My teacher presented a number of explanations for her exclusion. As a supporter of the revolution and of Marat, David was asked to paint this portrait following his death. And as a supporter, he depicted Marat as a martyr. Notice the soft light washing over Marat’s figure in comparison to the harsh light falling upon Corday’s note. See how Marat looks peaceful and healthy in death, although truthfully he was often violent and suffered from a malady of problems (which led him to take hours long baths, explaining why he was in the tub when he was assassinated). Marat is presented as someone innocent, someone graceful and elegant even in death. If Corday was included in this image it would detract from Marat’s importance. But not only would it distract from Marat, it would highlight the fact that someone, a woman, disagreed with Marat’s views. And how could a woman be so against Marat’s viewpoints that she would murder him? It went against the revolution’s very idea that women should be in the home, raising perfect little patriots. If a simple woman (let alone a purportedly beautiful woman) disagreed with Marat then why shouldn’t others?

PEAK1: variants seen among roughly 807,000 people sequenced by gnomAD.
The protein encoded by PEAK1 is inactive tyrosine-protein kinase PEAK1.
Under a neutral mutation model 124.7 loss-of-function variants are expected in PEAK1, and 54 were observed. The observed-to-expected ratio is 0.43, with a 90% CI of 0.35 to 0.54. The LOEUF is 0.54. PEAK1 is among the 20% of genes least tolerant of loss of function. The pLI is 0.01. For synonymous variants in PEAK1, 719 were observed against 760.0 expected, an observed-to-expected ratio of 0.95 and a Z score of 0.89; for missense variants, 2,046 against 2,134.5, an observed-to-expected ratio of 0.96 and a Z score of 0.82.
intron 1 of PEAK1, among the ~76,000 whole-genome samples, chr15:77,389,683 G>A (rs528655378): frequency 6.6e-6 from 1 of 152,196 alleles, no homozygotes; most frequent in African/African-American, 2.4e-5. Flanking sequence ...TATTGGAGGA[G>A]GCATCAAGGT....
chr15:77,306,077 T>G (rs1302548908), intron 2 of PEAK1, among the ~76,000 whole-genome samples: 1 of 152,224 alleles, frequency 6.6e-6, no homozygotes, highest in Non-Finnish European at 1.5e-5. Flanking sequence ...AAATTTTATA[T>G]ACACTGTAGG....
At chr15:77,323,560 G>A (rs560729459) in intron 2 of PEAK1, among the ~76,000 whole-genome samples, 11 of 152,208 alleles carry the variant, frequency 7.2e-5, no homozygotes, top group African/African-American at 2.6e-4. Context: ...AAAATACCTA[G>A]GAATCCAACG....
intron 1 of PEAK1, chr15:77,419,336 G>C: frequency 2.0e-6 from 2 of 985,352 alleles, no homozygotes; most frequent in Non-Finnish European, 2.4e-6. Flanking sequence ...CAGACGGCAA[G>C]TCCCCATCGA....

And of course, as my teacher said, “David, not a feminist”. David felt that women were unimportant and didn’t want to depict one in a position of power in his work. We see this in other images of his, such as The Oath of the Horatii, in which he depicts men as sturdy, strong, and brave, while women are weak and weeping, all slumping curves compared to the men’s determined and powerful lines. Not to mention how the women physically take up far less space than the men. They’re presented as much smaller in stature and take up only 1/3 of the painting.

Jacques Louis David's "The Oath of the Horatii" (1784)

But back to Corday. My teacher compared David’s Death of Marat piece to this:

Paul Baudry's "Charlotte Corday" (1860)